December 15, 2022

Barb Hickey

Barb Hickey (TSOA ’15) (she/her/hers) is one of NYU’s inaugural Regional Ambassadors, alumni who cultivate and strengthen the ties of alumni to New York University by representing the NYU Office of Alumni Relations and NYU Alumni Association in communities around the world where regional alumni clubs have not yet been established. Barb is the Ambassador for Portland, OR, where she has led events for her local community including the End of Summer Picnic and recent Fall Day of Service.

“I’m very proud of the time I spent at NYU and very grateful to the school for the ways it pieced together my intellectual, emotional, and spiritual life,” says Barb. “But if I’m not doing the hard work of creating community and investing in relationships that connect me back to those truths, I become a bit untethered from myself. Participating in alumni life is a way of staying connected to who I am and what my values are. That’s a huge gift.”

Read more about how and why Barb became involved with the NYU Alumni Association, the NYU classes and instructors that inspired her, and the New Year’s resolution she’s making as we look forward to 2023.

Meet Barb:

Tell us about your role as a Regional Ambassador for alumni in Portland, OR.

NYU Alumni Portland is a very new chapter, so my main priority at the moment is building a community of alumni that know we’re here and want to get involved. While that newness is a bit daunting (who will show up?!), it’s also very exciting. There’s an opportunity to shape the chapter in ways that make sense to the members. To that end, it’s my belief that our chapter should be a service oriented organization, finding ways to give back to the communities that have sustained us and our endeavors (in this case Portland) since leaving NYU. 

For our event in December we partnered with the Portland Food Project, a local non-profit that combats food insecurity in the Portland area, assisting them to sort and package donated food to be distributed for those experiencing food insecurity over the holiday period.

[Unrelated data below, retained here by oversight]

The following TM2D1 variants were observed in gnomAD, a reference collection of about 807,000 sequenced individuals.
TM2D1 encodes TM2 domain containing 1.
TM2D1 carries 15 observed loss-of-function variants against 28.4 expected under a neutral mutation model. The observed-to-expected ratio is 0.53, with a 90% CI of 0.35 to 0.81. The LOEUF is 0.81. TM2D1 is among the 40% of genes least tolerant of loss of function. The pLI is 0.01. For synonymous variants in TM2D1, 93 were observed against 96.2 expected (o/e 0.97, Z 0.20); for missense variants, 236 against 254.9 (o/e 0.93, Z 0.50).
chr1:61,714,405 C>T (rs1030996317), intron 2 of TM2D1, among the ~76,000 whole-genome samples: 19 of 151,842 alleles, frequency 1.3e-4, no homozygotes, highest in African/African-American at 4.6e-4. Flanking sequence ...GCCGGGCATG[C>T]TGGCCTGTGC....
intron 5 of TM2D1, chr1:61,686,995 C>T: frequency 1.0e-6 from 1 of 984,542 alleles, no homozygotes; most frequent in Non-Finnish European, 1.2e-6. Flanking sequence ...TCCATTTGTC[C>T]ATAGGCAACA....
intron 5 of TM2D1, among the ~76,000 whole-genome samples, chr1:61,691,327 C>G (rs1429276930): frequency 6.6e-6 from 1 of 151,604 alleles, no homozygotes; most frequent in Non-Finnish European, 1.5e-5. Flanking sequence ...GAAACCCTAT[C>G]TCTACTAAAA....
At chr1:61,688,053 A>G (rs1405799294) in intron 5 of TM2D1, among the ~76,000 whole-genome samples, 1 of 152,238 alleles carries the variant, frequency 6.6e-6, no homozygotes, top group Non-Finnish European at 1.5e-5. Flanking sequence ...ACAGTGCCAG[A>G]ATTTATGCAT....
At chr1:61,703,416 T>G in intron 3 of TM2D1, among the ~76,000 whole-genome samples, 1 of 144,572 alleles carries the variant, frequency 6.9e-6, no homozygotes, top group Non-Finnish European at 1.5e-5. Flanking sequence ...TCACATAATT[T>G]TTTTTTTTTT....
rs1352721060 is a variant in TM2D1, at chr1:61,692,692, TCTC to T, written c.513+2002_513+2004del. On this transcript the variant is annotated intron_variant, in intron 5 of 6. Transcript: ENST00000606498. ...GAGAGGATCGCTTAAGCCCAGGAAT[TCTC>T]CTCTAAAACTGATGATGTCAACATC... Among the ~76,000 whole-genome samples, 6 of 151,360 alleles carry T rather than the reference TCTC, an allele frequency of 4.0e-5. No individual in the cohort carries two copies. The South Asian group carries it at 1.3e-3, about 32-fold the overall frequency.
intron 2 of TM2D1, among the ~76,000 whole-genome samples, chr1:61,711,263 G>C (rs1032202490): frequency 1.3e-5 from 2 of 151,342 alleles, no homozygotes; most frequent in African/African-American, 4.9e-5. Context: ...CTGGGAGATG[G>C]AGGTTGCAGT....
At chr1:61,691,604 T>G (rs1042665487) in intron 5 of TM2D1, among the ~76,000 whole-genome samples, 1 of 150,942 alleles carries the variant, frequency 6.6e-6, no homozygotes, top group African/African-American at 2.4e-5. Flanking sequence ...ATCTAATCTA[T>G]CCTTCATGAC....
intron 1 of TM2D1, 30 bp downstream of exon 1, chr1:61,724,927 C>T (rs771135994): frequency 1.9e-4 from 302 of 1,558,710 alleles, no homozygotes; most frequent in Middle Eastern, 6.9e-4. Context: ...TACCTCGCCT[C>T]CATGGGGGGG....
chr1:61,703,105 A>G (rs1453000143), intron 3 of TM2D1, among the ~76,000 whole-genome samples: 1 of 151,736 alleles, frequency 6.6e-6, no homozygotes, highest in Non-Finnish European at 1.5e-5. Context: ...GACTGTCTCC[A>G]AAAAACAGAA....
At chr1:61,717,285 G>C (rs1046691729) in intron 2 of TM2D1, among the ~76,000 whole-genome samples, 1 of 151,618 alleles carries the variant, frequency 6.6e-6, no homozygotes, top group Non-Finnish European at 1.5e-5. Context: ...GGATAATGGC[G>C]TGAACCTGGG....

As our membership grows, my hope is that the service areas we target will be driven by the interests and affinities of our members. For instance, as a trans person I have a duty and desire to serve the Trans and broader LGBTQIA2+ community. Currently, I am working on putting together an event with Beyond These Walls, an organization that corresponds with and provides reintegration support to LGBTQIA2+ inmates in Washington and Oregon, to be our next alumni event. 

Ultimately my goal is to establish NYU Alumni Portland as a mission driven group that provides a meaningful platform for service in the local community. If you’re looking to join us, I want to know what you care about, what energizes you, and how we can, as an organization, make a positive contribution around those issues. 

How did you first become involved as an NYU alumni volunteer? 

It took a few years living on the West Coast before I realized just how much I missed people with an East Coast demeanor! After living in New York, it is a bit shocking to find out the rest of the world actually isn’t that way. I thought getting involved with the NYU Alumni Association would be an easy way to grow my community in Portland and meet people with whom I had some shared background. When I reached out to the Alumni Office, I was surprised to find out that there was not an active NYU Alumni chapter—well, and so, here we are!

Why do you stay involved with NYU? Why would you encourage other alumni to get involved?

As a kid, I moved around a lot. It wasn’t until years after leaving NYU—and New York altogether—that I spent some time back in my native New Mexico and realized I’m actually from a place. That there was an enduring history of identification there proved itself to be very grounding for me at a tumultuous time in my life. I think my desire to stay involved with NYU alumni comes from a similar impulse. It’s important for me to remember that I was formed somewhere, that my life has a traceable continuity to it, and that that continuity is expressed in the relationships that populate my life. I’m very proud of the time I spent at NYU and very grateful to the school for the ways it pieced together my intellectual, emotional, and spiritual life. But if I’m not doing the hard work of creating community and investing in relationships that connect me back to those truths, I become a bit untethered from myself. Participating in alumni life is a way of staying connected to who I am and what my values are. That’s a huge gift.